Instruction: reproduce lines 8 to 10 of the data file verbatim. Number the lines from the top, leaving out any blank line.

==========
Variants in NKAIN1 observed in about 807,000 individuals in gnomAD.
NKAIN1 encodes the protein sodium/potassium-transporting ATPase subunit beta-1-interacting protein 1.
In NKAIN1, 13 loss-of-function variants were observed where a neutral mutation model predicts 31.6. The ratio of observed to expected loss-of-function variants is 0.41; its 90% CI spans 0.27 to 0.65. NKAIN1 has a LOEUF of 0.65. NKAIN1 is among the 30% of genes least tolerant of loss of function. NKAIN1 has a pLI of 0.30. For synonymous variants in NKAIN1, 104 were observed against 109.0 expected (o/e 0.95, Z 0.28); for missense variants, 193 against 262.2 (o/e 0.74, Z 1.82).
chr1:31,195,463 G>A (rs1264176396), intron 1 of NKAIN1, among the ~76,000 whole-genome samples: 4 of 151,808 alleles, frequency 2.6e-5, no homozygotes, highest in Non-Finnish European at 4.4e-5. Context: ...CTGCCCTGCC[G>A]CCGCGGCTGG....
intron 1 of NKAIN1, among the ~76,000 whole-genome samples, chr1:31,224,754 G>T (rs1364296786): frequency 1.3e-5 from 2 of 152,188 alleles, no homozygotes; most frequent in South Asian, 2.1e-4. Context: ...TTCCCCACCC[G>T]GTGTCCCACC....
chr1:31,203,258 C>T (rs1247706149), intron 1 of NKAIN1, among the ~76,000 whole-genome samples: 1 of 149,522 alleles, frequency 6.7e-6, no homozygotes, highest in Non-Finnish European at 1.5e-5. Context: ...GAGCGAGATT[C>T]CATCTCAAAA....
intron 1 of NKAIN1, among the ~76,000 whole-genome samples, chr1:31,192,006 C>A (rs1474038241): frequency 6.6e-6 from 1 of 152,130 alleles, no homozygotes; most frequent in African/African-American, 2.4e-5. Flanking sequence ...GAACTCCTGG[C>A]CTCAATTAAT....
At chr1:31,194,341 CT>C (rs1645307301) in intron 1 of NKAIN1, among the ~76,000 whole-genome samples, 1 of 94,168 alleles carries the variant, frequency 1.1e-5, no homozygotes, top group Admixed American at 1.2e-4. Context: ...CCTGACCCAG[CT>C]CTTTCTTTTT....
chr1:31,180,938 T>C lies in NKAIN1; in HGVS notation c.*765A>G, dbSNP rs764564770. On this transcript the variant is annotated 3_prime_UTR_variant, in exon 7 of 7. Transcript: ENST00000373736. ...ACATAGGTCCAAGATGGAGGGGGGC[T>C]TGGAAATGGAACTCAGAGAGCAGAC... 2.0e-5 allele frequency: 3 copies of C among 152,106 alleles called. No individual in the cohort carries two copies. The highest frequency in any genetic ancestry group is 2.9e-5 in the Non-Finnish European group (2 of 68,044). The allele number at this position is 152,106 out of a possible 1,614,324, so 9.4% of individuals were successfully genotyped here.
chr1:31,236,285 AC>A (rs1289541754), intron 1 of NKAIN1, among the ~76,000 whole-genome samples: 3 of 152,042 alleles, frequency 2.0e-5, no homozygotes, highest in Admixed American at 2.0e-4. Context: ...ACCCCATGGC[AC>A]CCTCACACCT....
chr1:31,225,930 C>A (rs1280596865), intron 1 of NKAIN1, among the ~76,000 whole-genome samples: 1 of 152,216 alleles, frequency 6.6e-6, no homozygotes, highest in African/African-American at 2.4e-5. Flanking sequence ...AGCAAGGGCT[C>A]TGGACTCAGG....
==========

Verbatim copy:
At chr1:31,194,341 CT>C (rs1645307301) in intron 1 of NKAIN1, among the ~76,000 whole-genome samples, 1 of 94,168 alleles carries the variant, frequency 1.1e-5, no homozygotes, top group Admixed American at 1.2e-4. Context: ...CCTGACCCAG[CT>C]CTTTCTTTTT....
chr1:31,180,938 T>C lies in NKAIN1; in HGVS notation c.*765A>G, dbSNP rs764564770. On this transcript the variant is annotated 3_prime_UTR_variant, in exon 7 of 7. Transcript: ENST00000373736. ...ACATAGGTCCAAGATGGAGGGGGGC[T>C]TGGAAATGGAACTCAGAGAGCAGAC... 2.0e-5 allele frequency: 3 copies of C among 152,106 alleles called. No individual in the cohort carries two copies. The highest frequency in any genetic ancestry group is 2.9e-5 in the Non-Finnish European group (2 of 68,044). The allele number at this position is 152,106 out of a possible 1,614,324, so 9.4% of individuals were successfully genotyped here.
chr1:31,236,285 AC>A (rs1289541754), intron 1 of NKAIN1, among the ~76,000 whole-genome samples: 3 of 152,042 alleles, frequency 2.0e-5, no homozygotes, highest in Admixed American at 2.0e-4. Context: ...ACCCCATGGC[AC>A]CCTCACACCT....